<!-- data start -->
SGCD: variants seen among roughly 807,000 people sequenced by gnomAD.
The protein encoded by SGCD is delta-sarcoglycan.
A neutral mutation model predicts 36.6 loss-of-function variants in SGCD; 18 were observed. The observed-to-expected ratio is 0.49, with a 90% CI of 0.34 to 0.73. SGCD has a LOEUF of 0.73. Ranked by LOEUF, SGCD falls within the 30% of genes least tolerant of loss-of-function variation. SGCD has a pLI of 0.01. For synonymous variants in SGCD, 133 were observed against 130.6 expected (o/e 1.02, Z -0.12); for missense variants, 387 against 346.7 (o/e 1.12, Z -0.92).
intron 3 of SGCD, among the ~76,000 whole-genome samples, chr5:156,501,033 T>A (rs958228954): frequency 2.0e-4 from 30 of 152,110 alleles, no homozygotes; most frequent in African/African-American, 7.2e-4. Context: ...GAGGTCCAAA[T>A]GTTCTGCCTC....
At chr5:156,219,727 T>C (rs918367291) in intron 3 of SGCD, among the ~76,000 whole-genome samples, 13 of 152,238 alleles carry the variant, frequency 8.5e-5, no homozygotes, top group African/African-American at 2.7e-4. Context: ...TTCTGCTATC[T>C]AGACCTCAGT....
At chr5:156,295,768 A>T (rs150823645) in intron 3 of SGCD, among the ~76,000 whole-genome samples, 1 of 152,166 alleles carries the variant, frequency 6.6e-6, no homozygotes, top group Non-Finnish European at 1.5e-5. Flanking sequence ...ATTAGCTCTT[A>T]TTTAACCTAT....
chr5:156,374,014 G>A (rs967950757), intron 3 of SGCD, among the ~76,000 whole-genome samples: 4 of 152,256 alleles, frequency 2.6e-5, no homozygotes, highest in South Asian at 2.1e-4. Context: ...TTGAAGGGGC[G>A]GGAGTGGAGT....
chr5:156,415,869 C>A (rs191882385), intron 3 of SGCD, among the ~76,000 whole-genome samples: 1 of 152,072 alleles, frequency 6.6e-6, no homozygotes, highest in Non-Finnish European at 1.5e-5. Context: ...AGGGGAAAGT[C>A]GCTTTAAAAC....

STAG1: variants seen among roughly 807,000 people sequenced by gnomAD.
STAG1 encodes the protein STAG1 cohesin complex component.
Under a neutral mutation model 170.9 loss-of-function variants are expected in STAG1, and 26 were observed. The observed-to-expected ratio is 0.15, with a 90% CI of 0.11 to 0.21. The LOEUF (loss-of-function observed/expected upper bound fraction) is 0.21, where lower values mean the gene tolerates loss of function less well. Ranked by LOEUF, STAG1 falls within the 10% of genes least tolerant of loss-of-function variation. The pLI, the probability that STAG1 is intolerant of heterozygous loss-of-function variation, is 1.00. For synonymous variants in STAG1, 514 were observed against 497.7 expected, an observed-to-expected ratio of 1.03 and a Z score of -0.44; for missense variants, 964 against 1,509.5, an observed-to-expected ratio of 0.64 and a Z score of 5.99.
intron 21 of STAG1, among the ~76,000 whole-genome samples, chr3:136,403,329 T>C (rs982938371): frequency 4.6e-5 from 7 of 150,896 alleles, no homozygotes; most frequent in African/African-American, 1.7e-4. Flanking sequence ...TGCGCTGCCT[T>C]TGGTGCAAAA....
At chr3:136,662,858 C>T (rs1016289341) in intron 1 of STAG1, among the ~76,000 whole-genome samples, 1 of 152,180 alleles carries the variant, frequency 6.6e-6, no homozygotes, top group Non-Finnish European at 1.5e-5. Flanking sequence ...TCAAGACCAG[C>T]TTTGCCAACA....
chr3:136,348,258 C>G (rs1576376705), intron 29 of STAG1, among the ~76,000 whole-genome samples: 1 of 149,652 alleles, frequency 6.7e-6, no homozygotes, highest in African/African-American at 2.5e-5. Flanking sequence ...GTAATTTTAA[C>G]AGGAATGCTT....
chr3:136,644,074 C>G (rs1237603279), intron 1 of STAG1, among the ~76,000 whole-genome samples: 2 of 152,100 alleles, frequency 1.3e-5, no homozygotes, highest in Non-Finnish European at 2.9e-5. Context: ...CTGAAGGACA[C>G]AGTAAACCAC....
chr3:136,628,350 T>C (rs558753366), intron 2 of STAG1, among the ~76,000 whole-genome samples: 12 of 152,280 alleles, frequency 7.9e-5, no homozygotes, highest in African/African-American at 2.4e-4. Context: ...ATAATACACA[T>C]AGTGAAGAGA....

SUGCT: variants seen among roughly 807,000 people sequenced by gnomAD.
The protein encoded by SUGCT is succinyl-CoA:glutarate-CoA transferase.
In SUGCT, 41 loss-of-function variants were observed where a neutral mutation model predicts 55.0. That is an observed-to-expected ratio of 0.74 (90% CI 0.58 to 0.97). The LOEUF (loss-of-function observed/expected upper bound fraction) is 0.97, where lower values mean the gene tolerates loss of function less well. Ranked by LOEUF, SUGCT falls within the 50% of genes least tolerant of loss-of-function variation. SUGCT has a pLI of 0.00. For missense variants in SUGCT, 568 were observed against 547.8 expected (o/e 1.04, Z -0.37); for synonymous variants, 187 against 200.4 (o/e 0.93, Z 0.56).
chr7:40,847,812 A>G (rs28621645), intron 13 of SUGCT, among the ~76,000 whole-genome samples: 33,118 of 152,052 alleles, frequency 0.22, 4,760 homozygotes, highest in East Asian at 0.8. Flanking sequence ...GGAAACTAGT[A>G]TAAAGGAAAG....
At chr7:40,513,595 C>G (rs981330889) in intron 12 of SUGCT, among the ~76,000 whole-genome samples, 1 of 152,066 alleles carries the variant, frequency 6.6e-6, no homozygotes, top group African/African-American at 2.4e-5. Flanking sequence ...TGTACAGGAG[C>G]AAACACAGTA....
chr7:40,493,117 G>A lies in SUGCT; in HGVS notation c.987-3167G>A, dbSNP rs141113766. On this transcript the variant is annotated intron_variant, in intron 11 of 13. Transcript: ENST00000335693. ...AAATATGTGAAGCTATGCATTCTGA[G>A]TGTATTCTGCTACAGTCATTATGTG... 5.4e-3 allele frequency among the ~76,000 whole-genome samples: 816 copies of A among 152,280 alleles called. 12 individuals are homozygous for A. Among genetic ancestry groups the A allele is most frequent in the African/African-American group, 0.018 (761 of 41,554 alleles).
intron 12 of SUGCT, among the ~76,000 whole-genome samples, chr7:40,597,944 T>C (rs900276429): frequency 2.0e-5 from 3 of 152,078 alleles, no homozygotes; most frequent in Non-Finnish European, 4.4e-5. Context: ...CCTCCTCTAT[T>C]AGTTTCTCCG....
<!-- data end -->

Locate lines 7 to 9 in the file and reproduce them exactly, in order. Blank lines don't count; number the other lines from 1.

chr5:156,374,014 G>A (rs967950757), intron 3 of SGCD, among the ~76,000 whole-genome samples: 4 of 152,256 alleles, frequency 2.6e-5, no homozygotes, highest in South Asian at 2.1e-4. Context: ...TTGAAGGGGC[G>A]GGAGTGGAGT....
chr5:156,415,869 C>A (rs191882385), intron 3 of SGCD, among the ~76,000 whole-genome samples: 1 of 152,072 alleles, frequency 6.6e-6, no homozygotes, highest in Non-Finnish European at 1.5e-5. Context: ...AGGGGAAAGT[C>A]GCTTTAAAAC....

STAG1: variants seen among roughly 807,000 people sequenced by gnomAD.